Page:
Read time: 5 minutes
I realized my mistake when I heard my phone crash to the ground. I had reflexively put my phone in my pants pocket, like I do so often, except that day I had forgotten that I was wearing one of the few pieces of clothing I own without pockets. So the screen on my phone ended up in tiny slivers of finger-cutting glass. Note to self: Get rid of those pants.
I mean, you’ve got to stash a smart phone somewhere.
I love pockets. I need pockets. I want to go hands-free, but don’t want to be a slave to handbags. I’m the kind of woman who will whoop and cheer when I find pockets cleverly tucked into a garment. On the other hand, I will walk away from a dress, tunic, pair of pants, hell, even workout wear, if it doesn’t have that extra little bit of fabric sewn into the side seam or patched onto the outside panel of a pant leg or skirt.
Pockets are essential these days. I mean, you’ve got to stash a smart phone somewhere, and most designers are becoming amenable to pockets in all kinds of garments. “I would say unless it strongly interferes with the line of a dress, we pretty much have pockets in everything,” says Loup Charmant, founder and designer Kee Edwards.
The Pocket Past
Historically speaking, though, women’s clothing did not incorporate sewn-in pockets. In the 17th century women wore pairs of pockets, a girth-encompassing garment tied around the waist that was very much like a handbag tucked underneath their petticoats.
Men, too, carried or tied their “pockets” under their garments, until sometime in the 18th century, when tailors began sewing them onto vests. Men’s pockets showed up on a wide range of garments. Women’s pockets, though, not so much. Small drawstring hand-carried “reticules” became the vogue, instead.
The little jigger of fabric can add to the manufacturing cost of a garment, but designers have held back for reasons other than price. There’s the aesthetics at hand. Pockets often interfere with silhouette. Which seems silly today, because so often pockets are the silhouette. Cargo pants, anyone?!
Edwards added pockets to Loup Charmant’s “Gather” dress, a sexy style that scoops low in the back and features a lot of fabric. “Originally the fabric was a thick gauze,” meaning it was too bulky with pockets. “Then we made it in a lighter weight fabric where it was a no brainer, and after that we figured out a way to add pockets to the gauze.”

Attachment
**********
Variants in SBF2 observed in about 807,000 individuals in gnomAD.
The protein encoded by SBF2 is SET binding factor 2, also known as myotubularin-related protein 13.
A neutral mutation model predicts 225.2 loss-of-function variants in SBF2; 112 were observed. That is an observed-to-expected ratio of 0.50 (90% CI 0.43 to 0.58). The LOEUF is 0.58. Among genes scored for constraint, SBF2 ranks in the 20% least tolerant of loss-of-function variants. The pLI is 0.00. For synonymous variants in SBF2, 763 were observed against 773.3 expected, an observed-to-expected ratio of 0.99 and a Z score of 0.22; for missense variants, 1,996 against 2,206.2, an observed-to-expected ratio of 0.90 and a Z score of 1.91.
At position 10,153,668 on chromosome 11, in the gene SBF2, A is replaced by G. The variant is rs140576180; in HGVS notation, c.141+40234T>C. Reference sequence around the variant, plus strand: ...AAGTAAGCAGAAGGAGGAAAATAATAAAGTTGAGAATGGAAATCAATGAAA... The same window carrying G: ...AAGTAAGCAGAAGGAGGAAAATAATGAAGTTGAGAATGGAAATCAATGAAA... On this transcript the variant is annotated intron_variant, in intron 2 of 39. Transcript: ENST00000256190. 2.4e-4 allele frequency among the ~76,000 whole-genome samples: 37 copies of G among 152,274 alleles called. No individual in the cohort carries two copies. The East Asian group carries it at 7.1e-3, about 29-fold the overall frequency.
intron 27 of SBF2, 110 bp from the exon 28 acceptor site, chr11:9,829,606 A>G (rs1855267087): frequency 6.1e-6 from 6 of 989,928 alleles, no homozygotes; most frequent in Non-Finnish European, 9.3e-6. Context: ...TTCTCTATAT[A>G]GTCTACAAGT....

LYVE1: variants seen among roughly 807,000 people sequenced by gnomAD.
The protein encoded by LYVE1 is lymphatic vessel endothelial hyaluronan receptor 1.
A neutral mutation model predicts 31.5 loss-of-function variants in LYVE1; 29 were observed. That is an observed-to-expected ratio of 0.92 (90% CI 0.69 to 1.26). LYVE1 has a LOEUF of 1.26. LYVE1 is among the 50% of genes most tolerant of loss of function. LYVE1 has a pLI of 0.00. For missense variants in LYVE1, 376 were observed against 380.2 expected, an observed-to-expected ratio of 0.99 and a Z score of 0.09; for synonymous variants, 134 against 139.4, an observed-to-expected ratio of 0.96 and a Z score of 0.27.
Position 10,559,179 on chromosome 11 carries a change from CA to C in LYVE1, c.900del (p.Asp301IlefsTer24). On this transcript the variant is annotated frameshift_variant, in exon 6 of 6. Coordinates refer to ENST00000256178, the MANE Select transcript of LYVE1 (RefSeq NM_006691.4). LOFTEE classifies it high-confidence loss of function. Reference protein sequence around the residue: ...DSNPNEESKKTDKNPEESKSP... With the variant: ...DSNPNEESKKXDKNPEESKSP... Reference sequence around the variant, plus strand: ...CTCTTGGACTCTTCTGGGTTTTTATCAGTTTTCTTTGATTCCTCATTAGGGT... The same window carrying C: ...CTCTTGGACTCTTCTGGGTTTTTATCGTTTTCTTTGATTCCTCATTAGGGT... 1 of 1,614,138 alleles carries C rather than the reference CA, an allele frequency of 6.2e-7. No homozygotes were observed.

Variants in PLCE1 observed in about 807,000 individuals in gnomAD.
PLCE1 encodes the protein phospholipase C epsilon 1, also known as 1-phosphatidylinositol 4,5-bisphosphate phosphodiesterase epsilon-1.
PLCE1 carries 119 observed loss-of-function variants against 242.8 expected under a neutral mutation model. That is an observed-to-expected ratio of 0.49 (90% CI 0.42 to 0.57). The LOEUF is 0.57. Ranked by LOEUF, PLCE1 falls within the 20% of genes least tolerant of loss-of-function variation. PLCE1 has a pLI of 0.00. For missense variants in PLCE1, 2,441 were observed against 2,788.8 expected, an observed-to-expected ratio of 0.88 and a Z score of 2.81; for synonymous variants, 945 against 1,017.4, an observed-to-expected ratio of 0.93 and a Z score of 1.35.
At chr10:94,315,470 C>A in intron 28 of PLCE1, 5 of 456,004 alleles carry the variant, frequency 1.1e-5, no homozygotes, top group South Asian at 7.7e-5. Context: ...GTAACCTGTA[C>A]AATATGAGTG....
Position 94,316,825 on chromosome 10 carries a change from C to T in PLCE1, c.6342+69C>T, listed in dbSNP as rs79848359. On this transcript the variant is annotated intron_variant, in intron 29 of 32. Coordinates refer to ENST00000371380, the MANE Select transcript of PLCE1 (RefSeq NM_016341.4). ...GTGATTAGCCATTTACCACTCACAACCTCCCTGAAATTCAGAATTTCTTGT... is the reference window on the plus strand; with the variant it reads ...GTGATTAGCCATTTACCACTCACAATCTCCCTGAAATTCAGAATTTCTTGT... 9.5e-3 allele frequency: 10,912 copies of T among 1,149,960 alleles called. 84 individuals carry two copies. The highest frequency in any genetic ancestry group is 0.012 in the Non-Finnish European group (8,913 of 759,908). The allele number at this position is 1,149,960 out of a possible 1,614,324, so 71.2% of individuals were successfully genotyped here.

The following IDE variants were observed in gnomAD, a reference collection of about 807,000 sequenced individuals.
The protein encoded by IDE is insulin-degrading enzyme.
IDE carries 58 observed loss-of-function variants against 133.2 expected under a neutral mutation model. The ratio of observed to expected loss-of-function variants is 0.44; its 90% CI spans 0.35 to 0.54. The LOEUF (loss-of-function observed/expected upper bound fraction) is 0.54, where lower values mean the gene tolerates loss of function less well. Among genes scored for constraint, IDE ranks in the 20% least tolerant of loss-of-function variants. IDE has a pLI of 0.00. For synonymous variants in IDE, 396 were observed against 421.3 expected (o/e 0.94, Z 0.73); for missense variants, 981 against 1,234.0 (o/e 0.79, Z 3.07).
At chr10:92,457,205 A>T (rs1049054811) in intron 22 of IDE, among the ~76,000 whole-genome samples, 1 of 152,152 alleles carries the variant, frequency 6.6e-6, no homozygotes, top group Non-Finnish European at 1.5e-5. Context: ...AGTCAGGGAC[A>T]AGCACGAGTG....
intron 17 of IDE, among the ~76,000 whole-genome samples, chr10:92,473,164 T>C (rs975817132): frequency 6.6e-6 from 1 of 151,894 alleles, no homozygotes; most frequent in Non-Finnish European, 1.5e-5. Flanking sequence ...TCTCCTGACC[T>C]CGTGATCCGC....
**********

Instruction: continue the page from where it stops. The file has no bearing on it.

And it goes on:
Hands Free, Care Free
“Everything we do is about comfort and what makes sense for the wearer,” continues Edwards. “We have tiny pockets that have room for a hotel key in a lot of our pieces…since everything is made for travel. I might be going down for breakfast and need a little spot for that hands free, carefree lifestyle. I think women just generally love pockets.”
Edwards craves pockets in her personal wardrobe, too. “I do have some pieces—vintage or from other designer friends—that might not have pockets but then I think, ‘this would be great if it had pockets.’ So, sometimes I sew pockets into it myself.”
Another great pocket push is coming from Positive Impact Movement, or Pi Movement. Travis Brewer, a “movement artist” who has competed on American Ninja Warrior, started the company with his friend Peyton Wallace, an original member of TOMS, because he wanted work out pants with pockets that could securely hold his essentials even when doing handstands and such. “The pockets have become the best feature of our pants,” says Wallace. “They’re pretty well hidden, so you don’t really know they’re even there. But they’re large enough to carry keys and phone.”
I was fortunate to be given a pair for a yoga workout test drive. When I wore the Flow Flakes pattern, a geometric Rorschach of Navajo reds and turqs on white, to yoga class, my friends raved about them. My husband complimented me on the look and the fit. I carried money, keys, my phone into the yoga studio in the Ninja’s invisible zip pockets on the side seams. And they’re incredibly comfy to wear—such soft material, with a wide elastic waistband, a super cool silhouette, and an easy-to-move-in gusseted crotch.
Pockets: From Organza to Om
But workout wear isn’t the only unexpected style to be pumped with pockets these days. This past New York Fashion Week, designer Christian Siriano floated a model wearing an extravagant ruffled organza evening skirt down the runway, her hands tucked firmly into pockets inside folds of meringue. Apparently the former Project Runway winner has been a longtime proponent of incorporating pockets into evening dresses. Carolina Herrera is another pocket fan, with many evening gowns and skirts allowing purse-free wearability.
Now many wedding gowns, like those from Anthropologie’s BHLDN label, in particular the Kennedy Gown, sport pockets. Because, what bride-to-be wouldn’t need a hands-free place for her phone or lipstick?
Other looks that indulge my pocket fetish: Free People’s harem sweatpants, Old Navy’s yoga pants, 90 degree by Reflex’s phone pocket legging, designed, I’m sure, by someone like me, who has unexpectedly smashed one too many phones.